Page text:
Dick Pics for Sacred Healing: A Meditation on the Provenance of Objects


I have been thinking a lot lately about the provenance of objects. I live New York City, so as I move daily through my urban environment, my field of vision is occupied almost entirely by manmade things. At home too I am surrounded. Where do all these objects come from? What do they mean? Sometimes it is easy to trace the commodity chain, to assign purpose based on functionality and familiar symbolism. Sometimes it is not so easy.

I have been thinking a lot about one object in particular. This one:

Photo by the author for Dilettante Army

Photo by the author for Dilettante Army

I found it on a table in the back lot of Happy’s in the spring of 2014. Happy’s was an indoor/outdoor antique mall and flea market on a strip-mall strewn road in Roanoke, Virginia, where I lived at the time. I loved Happy’s with a sort of conflicted devotion that I reserve for very few things: torrential rain, poems that wound me with their goodness, Colin Firth in certain early roles. At Happy’s, you could find Civil War surgical kits alongside auto parts and e-cigarettes. Also: handmade soap, vintage costume jewelry, bikinis printed with the confederate flag. Terrifyingly, there was a shop called “Whitey’s Knives.” On weekends, in the expansive back lot, a stand sold suspiciously cheap produce next to a food truck that sold the best tacos in town. On Saturday mornings, a regular crew of octogenarian musicians gathered on the benches in front of the music store to play old-time Appalachian tunes on fiddles and guitars and scuffed-up double basses.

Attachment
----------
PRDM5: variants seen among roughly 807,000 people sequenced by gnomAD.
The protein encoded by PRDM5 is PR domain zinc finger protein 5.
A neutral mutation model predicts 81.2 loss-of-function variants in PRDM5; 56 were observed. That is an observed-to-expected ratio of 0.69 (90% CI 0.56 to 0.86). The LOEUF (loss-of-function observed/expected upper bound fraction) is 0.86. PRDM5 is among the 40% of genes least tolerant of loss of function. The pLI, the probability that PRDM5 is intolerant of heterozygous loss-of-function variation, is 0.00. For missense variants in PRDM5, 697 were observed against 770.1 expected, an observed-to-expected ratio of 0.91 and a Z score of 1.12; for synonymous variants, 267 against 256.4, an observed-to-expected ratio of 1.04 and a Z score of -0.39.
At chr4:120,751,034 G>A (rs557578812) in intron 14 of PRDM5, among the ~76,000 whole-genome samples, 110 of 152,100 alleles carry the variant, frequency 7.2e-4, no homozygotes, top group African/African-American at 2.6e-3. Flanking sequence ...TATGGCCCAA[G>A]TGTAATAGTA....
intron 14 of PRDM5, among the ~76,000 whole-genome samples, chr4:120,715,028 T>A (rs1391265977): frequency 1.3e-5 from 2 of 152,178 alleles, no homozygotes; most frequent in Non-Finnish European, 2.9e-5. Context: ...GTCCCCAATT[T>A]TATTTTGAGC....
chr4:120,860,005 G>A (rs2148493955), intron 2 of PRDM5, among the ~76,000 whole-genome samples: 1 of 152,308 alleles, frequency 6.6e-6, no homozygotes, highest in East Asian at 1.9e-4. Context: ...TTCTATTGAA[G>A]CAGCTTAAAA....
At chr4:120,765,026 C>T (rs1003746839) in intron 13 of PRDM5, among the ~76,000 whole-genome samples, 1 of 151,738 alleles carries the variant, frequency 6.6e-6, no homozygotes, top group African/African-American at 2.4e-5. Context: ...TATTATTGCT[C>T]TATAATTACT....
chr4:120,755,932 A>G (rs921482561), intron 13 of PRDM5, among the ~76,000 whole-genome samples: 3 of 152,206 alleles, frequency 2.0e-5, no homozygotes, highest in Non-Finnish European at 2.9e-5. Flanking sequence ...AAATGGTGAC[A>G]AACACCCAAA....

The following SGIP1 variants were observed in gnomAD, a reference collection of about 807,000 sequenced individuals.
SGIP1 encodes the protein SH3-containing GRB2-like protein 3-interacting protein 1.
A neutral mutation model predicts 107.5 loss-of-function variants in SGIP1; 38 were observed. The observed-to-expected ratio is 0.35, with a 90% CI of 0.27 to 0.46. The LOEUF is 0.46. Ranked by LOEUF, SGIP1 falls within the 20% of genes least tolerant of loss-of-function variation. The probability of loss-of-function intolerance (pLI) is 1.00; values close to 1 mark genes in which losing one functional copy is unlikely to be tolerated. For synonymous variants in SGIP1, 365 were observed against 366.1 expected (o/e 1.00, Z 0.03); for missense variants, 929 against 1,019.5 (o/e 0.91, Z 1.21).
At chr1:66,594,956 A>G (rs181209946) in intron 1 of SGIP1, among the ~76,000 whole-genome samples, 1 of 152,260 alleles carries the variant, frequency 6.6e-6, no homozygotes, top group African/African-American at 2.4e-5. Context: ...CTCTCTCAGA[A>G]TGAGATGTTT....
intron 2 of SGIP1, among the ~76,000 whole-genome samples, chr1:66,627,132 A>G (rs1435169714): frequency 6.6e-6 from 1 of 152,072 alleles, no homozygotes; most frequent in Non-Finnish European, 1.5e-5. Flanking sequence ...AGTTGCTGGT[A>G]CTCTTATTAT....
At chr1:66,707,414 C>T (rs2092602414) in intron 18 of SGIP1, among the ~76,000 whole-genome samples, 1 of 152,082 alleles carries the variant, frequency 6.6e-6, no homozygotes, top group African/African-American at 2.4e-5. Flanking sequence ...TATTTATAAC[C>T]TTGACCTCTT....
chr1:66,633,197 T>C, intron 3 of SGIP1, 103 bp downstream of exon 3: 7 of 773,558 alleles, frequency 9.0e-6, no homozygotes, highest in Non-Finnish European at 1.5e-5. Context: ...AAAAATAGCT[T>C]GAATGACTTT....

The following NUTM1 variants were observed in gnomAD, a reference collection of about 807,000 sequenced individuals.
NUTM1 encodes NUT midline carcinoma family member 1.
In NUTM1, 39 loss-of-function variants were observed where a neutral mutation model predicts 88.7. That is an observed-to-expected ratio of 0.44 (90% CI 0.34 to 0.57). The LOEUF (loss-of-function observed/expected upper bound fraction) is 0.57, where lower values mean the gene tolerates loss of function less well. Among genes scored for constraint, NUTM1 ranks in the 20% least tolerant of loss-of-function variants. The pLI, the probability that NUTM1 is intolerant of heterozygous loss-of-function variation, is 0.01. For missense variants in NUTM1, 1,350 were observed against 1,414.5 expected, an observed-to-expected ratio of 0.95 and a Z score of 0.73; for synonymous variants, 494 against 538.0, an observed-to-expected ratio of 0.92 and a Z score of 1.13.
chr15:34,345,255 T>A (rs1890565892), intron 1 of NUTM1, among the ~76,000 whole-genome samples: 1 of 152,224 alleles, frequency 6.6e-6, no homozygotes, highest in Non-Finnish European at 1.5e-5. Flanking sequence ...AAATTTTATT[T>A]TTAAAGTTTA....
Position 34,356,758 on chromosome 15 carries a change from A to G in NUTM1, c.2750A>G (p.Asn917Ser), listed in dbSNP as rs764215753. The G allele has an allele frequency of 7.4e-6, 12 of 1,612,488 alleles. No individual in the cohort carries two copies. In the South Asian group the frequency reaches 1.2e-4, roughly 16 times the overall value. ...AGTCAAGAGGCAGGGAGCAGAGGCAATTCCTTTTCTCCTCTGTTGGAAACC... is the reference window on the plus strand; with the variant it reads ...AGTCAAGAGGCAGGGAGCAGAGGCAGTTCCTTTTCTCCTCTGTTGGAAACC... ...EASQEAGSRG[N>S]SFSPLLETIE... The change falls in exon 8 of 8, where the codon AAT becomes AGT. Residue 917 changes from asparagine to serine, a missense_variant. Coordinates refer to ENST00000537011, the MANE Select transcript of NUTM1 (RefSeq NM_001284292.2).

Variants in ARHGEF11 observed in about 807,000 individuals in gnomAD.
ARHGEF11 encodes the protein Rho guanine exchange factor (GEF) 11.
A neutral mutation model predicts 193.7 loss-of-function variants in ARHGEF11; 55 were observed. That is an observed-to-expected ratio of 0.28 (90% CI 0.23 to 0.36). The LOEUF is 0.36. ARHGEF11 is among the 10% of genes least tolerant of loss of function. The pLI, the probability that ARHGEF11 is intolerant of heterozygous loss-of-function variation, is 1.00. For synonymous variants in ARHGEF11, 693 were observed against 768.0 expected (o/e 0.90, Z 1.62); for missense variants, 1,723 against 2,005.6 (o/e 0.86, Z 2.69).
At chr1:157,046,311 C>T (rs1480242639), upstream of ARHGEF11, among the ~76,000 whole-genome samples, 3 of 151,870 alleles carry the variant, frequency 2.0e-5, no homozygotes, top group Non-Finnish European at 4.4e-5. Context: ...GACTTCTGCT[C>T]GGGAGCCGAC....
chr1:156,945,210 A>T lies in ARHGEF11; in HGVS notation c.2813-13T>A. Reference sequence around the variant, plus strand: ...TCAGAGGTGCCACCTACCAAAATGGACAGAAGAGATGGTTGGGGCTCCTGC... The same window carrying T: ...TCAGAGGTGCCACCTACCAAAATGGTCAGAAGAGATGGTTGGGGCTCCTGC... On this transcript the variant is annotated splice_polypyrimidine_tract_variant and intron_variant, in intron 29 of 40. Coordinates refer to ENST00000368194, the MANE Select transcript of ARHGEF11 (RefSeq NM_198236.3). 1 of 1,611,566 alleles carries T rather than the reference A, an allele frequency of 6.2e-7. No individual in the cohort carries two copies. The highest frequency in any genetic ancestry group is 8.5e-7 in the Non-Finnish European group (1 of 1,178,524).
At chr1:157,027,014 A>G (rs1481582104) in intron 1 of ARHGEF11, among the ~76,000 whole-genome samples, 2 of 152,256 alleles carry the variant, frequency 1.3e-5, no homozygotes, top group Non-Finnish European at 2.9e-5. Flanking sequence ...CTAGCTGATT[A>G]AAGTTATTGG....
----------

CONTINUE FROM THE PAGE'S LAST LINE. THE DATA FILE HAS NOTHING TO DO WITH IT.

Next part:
Happy’s is no more. Last fall, the City of Roanoke mandated its closure after the management failed to make necessary structural repairs to the building, which, to be fair, seemed to primarily constructed from plywood, chicken wire, and garden hoses.[1] But on this day in 2014, the day I found the penis pendant, Happy’s was still very much alive.

I was walking the perimeter of the back lot, as I often did on Saturdays when I lived in Roanoke. What first drew me to the felicitous table was not the pendant, but a handsome leather camera case next to it. As I walked over see if a nice old SLR camera was tucked inside, I noticed the object next to the case. A small piece of flat metal attached to a chain. A disembodied pair of bowed legs in short pants. It did not require a second glance for me to spot what I consider to be the defining feature of the pendant: its genitals. Hanging from one side of the britches is a tiny penis. From the other side, a pair of testicles.

Photo by the author for Dilettante Army

Photo by the author for Dilettante Army

The moment I saw it, I had an idea of what it might be. The pendant’s size, simple design, and most of all its disembodied-ness, reminded me of votives, aka tamata aka milagros aka ex-votos—little pieces of flattened metal associated with healing in several corners of catholic folk culture. I grew up catholic, but votives were not part of the religious iconography of my childhood. Neither, certainly, were penises and testes. But while votives were absent from my native religious practice, I’d had a memorable encounter with them as an adult.